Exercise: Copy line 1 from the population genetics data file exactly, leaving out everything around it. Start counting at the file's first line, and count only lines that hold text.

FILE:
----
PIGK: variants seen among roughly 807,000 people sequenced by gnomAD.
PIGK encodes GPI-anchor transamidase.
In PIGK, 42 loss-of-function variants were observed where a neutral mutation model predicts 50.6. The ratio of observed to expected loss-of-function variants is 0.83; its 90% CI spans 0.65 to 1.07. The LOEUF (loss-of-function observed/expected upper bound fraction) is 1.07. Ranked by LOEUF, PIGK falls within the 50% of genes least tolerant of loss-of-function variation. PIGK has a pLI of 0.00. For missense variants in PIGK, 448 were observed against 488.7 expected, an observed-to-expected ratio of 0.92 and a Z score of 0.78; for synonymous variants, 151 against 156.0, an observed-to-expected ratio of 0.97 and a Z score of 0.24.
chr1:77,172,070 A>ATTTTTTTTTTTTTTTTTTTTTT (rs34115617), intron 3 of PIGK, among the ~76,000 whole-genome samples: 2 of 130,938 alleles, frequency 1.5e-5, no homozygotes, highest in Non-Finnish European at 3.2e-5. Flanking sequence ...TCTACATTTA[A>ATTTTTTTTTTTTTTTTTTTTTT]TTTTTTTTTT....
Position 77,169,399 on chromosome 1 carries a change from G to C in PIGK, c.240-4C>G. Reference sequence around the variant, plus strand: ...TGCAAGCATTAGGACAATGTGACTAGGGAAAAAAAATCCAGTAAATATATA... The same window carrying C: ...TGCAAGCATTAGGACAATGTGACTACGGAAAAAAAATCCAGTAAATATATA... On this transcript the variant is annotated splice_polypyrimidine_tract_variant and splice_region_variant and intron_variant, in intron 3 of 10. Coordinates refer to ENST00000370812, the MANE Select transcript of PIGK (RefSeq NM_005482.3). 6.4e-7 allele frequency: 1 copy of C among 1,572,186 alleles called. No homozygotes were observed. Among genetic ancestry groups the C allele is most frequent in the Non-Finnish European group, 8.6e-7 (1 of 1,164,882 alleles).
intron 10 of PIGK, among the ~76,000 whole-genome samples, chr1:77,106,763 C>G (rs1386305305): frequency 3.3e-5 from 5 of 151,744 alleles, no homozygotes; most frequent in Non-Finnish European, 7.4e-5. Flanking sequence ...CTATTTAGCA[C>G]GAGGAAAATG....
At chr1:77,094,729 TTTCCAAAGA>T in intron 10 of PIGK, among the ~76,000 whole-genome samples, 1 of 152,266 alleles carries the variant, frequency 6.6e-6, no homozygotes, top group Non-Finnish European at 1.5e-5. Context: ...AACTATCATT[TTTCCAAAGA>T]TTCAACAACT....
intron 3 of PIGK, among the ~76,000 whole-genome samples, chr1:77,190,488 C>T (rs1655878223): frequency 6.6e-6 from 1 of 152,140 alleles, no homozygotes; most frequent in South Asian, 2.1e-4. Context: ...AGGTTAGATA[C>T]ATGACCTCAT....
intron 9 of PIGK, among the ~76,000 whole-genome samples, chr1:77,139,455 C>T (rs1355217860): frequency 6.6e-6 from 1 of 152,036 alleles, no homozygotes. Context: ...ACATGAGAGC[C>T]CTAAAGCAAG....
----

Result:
PIGK: variants seen among roughly 807,000 people sequenced by gnomAD.